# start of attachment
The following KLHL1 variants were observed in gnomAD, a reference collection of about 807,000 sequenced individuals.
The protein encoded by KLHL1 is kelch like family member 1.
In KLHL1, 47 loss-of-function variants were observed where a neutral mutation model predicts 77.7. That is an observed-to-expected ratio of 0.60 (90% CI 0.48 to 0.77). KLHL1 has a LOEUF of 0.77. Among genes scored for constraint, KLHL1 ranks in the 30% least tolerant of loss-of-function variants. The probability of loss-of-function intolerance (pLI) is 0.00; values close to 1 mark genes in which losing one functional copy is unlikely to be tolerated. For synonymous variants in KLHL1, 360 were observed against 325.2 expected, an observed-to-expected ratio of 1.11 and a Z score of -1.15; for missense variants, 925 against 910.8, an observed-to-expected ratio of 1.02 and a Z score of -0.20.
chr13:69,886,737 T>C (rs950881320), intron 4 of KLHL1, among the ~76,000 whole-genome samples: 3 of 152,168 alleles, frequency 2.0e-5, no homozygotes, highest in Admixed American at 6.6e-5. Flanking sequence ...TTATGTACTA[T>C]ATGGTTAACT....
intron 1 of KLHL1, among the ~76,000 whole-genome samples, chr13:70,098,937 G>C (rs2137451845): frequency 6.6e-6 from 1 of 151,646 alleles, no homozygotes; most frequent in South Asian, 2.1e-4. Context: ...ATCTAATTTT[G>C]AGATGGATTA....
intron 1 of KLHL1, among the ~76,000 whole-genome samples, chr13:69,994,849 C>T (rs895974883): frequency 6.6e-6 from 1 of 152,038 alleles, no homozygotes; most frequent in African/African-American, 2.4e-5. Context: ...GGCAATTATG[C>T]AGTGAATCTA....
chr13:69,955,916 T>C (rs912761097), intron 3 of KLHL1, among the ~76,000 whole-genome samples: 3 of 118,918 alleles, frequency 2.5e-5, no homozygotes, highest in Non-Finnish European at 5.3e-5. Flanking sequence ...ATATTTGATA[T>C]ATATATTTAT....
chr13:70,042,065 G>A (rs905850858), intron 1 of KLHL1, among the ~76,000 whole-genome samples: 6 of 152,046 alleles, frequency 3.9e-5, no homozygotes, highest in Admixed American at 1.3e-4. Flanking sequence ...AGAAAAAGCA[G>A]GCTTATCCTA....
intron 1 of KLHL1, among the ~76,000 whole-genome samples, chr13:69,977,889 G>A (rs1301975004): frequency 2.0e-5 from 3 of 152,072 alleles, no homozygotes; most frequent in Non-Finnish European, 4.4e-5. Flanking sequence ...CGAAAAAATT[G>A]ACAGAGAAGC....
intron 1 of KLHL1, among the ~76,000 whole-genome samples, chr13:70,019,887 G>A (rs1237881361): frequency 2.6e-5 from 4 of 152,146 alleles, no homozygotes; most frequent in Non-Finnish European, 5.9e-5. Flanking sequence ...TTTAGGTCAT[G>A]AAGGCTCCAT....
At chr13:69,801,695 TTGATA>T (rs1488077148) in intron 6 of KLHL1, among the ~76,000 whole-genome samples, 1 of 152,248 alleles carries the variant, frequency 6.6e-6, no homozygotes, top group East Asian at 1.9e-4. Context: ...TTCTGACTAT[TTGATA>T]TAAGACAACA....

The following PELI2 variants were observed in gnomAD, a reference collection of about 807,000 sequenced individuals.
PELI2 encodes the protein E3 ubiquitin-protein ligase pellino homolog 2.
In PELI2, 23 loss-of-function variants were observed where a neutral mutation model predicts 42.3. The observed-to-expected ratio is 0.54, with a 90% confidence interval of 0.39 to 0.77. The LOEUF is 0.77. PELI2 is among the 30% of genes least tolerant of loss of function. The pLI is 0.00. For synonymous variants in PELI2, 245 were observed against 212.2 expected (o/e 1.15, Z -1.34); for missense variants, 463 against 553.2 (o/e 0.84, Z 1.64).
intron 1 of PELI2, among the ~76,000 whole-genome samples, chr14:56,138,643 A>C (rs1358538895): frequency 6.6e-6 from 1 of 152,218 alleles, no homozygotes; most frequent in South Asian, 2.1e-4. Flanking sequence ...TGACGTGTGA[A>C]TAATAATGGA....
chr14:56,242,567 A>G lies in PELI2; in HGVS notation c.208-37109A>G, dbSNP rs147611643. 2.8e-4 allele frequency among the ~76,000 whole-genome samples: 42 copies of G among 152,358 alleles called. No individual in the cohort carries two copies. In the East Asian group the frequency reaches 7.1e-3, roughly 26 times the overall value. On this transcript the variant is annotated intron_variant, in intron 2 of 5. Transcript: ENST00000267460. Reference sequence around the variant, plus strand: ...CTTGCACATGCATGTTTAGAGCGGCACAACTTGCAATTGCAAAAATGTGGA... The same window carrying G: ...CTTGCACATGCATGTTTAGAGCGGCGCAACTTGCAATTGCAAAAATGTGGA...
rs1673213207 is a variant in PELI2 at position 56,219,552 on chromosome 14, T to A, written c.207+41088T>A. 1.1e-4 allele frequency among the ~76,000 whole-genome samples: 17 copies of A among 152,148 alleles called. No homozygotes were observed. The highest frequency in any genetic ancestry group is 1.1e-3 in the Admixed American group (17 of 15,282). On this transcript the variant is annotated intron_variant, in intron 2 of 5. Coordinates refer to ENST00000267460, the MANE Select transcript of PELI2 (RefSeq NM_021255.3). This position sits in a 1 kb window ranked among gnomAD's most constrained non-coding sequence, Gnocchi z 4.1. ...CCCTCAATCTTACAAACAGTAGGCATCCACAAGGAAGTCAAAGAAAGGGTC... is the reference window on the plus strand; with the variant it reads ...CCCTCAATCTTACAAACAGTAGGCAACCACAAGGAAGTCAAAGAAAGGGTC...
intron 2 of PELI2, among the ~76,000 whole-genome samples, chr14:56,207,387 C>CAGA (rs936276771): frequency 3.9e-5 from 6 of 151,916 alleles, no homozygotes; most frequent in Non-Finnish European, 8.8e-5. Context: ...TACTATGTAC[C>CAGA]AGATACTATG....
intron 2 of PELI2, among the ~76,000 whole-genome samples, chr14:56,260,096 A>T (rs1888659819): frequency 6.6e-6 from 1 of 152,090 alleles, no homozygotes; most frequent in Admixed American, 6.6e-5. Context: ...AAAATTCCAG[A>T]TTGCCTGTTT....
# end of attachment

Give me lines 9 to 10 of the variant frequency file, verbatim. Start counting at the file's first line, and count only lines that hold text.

intron 1 of KLHL1, among the ~76,000 whole-genome samples, chr13:69,977,889 G>A (rs1301975004): frequency 2.0e-5 from 3 of 152,072 alleles, no homozygotes; most frequent in Non-Finnish European, 4.4e-5. Flanking sequence ...CGAAAAAATT[G>A]ACAGAGAAGC....
intron 1 of KLHL1, among the ~76,000 whole-genome samples, chr13:70,019,887 G>A (rs1237881361): frequency 2.6e-5 from 4 of 152,146 alleles, no homozygotes; most frequent in Non-Finnish European, 5.9e-5. Flanking sequence ...TTTAGGTCAT[G>A]AAGGCTCCAT....